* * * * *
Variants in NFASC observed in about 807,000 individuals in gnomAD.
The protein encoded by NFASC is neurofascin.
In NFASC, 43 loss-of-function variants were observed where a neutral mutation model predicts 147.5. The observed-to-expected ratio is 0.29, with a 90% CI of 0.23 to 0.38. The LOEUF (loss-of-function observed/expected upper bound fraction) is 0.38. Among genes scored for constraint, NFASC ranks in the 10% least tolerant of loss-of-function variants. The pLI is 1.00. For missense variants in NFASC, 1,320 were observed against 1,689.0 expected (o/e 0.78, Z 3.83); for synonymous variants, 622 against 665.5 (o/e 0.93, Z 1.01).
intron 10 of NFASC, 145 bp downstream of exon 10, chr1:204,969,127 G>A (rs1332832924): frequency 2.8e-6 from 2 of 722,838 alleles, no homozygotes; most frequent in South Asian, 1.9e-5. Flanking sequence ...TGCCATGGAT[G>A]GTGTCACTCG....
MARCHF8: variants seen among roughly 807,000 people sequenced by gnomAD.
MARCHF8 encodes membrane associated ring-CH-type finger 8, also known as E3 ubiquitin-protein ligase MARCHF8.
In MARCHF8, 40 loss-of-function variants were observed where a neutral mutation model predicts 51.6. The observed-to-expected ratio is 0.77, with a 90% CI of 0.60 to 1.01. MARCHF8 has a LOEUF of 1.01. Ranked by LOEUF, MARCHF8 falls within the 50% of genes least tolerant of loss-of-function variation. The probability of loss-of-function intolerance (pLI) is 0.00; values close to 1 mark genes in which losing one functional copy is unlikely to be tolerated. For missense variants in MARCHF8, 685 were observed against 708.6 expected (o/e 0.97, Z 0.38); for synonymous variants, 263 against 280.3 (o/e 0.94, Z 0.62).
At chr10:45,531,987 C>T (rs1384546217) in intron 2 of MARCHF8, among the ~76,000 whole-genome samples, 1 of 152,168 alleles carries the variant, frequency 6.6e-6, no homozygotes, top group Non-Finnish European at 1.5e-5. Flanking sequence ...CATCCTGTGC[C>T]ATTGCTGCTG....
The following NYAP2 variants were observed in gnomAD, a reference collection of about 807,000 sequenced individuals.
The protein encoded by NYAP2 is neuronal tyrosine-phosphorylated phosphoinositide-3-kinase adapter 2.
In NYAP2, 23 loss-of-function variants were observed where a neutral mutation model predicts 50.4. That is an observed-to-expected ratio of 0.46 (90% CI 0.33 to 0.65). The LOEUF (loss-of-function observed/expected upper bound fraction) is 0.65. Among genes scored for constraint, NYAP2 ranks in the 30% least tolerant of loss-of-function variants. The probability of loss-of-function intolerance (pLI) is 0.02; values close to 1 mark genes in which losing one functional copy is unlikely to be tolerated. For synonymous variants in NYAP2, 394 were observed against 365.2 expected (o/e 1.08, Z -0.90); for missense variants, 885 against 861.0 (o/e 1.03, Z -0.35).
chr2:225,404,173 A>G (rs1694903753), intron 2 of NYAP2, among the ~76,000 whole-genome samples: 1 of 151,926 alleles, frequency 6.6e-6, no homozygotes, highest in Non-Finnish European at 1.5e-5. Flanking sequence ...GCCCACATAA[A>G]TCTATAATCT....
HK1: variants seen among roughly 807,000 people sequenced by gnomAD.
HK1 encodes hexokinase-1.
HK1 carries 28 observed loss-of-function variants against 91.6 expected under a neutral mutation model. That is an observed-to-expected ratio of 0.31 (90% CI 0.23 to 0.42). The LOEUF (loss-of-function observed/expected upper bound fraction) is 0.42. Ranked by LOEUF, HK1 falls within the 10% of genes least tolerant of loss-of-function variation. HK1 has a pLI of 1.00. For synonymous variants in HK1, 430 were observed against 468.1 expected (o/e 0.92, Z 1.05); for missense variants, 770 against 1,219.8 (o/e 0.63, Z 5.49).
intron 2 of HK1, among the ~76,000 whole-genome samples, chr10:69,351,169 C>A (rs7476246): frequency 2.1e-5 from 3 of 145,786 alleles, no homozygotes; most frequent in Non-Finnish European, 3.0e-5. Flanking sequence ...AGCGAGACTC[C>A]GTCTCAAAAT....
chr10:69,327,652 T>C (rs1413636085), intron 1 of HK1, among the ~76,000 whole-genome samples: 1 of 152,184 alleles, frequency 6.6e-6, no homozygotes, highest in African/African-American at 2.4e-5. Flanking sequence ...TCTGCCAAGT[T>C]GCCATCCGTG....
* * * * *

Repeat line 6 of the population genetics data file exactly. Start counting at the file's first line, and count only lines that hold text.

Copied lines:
MARCHF8 encodes membrane associated ring-CH-type finger 8, also known as E3 ubiquitin-protein ligase MARCHF8.